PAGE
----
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My understanding is that the universe expanding includes even individual atoms and I would guess that would mean the orbits of electrons, etc. If this is so, for things to continue to "keep working" would not constants for different forces have to change?

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I was confused about this, too, when hearing for the first time about cosmology. The expansion of the universe does NOT include individual atoms, humans, planets, stars or galaxies. If that would be the case, we would not be able to notice this expansion.

In the first two cases, the electromagnetic forces binding the objects together are magnitudes stronger than any gravitational force, and in the case of galaxies (and the objects in them), the mass/energy density of the galaxies is much higher than the average mass/energy density of the universe. Because of that, galaxies themselves have 'decoupled' from the expansion of the universe and form gravitationally bound objects.

The universe as a whole is modeled in the simplest cosmological models as a uniform 'fluid' of matter and radiation (and dark energy, although nobody knows what that is). This is useful, because in the early times the contrast in density was not as strong as today, and still today the universe seems to be quite uniform on very big scales (on average).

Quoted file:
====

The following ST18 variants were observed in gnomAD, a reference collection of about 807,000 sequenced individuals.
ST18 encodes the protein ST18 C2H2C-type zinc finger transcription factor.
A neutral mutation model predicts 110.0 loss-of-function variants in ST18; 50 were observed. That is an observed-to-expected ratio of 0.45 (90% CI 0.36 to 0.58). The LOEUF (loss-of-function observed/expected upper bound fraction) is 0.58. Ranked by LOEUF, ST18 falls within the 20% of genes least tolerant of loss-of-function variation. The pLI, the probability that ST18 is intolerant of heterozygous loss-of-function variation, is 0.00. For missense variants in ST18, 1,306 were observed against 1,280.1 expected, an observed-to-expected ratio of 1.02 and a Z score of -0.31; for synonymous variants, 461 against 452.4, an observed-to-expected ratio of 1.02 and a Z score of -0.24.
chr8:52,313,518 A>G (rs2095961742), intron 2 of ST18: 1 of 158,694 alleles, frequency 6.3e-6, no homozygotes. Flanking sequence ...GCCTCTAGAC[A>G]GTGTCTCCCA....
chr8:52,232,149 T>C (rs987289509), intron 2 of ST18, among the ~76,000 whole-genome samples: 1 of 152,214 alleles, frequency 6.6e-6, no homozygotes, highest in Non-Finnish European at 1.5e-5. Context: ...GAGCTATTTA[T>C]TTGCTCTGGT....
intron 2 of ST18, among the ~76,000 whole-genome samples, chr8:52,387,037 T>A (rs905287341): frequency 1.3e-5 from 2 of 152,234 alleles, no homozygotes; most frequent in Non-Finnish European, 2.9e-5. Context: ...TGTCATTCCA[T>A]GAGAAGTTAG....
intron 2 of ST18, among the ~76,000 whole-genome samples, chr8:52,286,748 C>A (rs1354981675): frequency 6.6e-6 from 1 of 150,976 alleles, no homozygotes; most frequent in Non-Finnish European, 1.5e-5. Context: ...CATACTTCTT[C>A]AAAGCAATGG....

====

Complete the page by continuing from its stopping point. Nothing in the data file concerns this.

Since we observe galaxies drift apart from each other, is seems that 'everything' was closer together in the beginning, therefore more dense and hot. This is possible (even when, of course, everything still attracts everything else gravitationally), as long as for some reason everything was drifting apart from the beginning (the why of that is a different question). But even in the early universe, this expansion, describes by gravity, made the uniform content of the universe drift apart, hence expand, but this did NOT affect the elementary particles, because the forces that describes their behavior and bind them together (quarks to protons and neutrons; electrons, protons and neutrons to atoms, although is only happens after the universe has cooled enough so these bound states are possible) are much stronger than gravity.

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